image/jpeg iconborders.jpg

Asylum has long been a thorny issue for the British ruling class. As a signatory to the 1951 Refugee Convention the UK is obliged to grant asylum when, in the opinion of the Home Office, an asylum seeker has demonstrated that they have a well founded fear of persecution on the grounds of race, religion, nationality, political opinion or membership of a particular social group. Yet asylum seekers are continuously vilified in the popular press as criminals and scroungers overwhelming the benefits system, the vitriol often being fuelled by the cynical statements of government ministers.

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Refugee activist found not guilty on incitement charge

Published by Anonymous (not verified) on Mon, 29/03/2021 - 3:12pm in

Tags 

refugees, refugees

Refugee Action Collective Victoria member Chris Breen has been found not guilty on the charge of incitement.

The charge was brought in relation to a Facebook event for a COVID-safe car convoy protesting the detention of Medevac refugees at the Mantra Hotel in the Melbourne suburb of Preston on 10 April 2020.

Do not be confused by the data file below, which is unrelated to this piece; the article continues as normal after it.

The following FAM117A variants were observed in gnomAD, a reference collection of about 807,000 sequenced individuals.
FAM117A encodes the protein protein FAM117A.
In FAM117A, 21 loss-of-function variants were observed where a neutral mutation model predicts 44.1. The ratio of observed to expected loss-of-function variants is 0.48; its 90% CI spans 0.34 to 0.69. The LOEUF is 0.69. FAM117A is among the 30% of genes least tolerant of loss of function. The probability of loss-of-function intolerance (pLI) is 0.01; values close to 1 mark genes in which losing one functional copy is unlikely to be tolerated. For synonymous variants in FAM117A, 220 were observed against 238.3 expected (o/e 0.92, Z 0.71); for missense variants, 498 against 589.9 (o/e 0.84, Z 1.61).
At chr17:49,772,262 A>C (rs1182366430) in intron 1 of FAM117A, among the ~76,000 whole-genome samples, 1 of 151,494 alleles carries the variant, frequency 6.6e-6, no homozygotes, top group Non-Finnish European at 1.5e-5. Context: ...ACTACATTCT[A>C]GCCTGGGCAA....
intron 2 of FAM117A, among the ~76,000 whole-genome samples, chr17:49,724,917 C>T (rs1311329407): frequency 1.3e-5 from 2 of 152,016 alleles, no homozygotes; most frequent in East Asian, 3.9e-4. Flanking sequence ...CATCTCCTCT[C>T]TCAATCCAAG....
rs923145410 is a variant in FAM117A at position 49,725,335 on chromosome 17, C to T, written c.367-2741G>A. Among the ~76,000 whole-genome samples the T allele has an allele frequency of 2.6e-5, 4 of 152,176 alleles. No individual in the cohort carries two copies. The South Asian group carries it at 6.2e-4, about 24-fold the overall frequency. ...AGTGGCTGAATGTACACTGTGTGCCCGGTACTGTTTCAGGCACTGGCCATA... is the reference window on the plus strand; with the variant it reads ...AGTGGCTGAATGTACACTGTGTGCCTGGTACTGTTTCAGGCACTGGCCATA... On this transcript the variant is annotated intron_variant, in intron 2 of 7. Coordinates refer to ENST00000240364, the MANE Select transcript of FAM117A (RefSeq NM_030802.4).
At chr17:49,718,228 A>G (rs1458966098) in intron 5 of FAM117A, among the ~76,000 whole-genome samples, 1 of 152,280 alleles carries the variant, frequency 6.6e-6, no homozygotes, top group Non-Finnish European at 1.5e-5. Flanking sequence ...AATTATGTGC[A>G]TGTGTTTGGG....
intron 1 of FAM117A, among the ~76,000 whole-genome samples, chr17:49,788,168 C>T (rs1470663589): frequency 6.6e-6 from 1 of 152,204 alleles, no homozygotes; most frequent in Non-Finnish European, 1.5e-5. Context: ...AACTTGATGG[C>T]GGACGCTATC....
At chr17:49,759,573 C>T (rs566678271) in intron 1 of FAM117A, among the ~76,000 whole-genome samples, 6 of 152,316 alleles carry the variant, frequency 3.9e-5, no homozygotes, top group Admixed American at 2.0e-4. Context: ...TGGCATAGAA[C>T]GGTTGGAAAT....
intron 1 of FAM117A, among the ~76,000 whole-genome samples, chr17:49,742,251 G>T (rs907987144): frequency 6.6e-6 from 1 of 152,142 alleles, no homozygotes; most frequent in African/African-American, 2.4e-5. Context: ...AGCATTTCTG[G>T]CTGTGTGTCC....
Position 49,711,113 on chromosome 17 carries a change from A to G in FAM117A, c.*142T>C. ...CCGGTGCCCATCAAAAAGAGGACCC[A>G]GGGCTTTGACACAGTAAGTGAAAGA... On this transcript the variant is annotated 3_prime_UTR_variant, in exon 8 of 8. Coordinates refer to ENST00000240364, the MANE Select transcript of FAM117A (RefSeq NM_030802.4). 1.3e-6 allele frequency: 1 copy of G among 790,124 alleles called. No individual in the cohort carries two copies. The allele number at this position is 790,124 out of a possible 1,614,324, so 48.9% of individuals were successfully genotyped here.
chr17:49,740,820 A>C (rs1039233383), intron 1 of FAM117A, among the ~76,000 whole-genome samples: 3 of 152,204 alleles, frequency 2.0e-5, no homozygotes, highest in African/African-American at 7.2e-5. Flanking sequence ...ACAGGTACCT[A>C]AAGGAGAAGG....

The charge was dismissed on the grounds that the police could not prove that the Facebook posts they relied upon had been made by Breen and not another member of the Refugee Action Collective (RAC), or had been made during the relevant time period.

Almost 30 refugee supporters still have fines of $1652 each outstanding, totalling $50,000. Challenges to the fines will be heard in court in coming months.

Breen said: “The charge of incitement was an attempt by police to criminalise protest and should never have been brought. The Andrews Labor government should instruct police not to pursue such political charges and to drop the fines against refugee supporters.

“The real crime has been the prolonged indefinite detention of refugees. There should be charges laid against Prime Minister Scott Morrison and Home Affairs Minister Peter Dutton for what has been done to them by the Coalition Government.

“After eight years of needless detention, the majority of the refugees who were in the Mantra Hotel are now free, but 11 remain cruelly held in the Park Hotel in Carlton. Over 80 Medevac refugees are still held around Australia. Some 1200 refugees who were sent offshore in 2013, including Medevac refugees, are now effectively resettled in Australia, but without any support, including no access to JobSeeker. That must change and they must be given permanent visas,” said Breen.

“This outcome is an important victory for the right to protest. That right was also demonstrated in practice yesterday when around 2000 refugee supporters rallied in Melbourne on Palm Sunday calling to free all refugees from detention, give them permanent visas, and end offshore processing.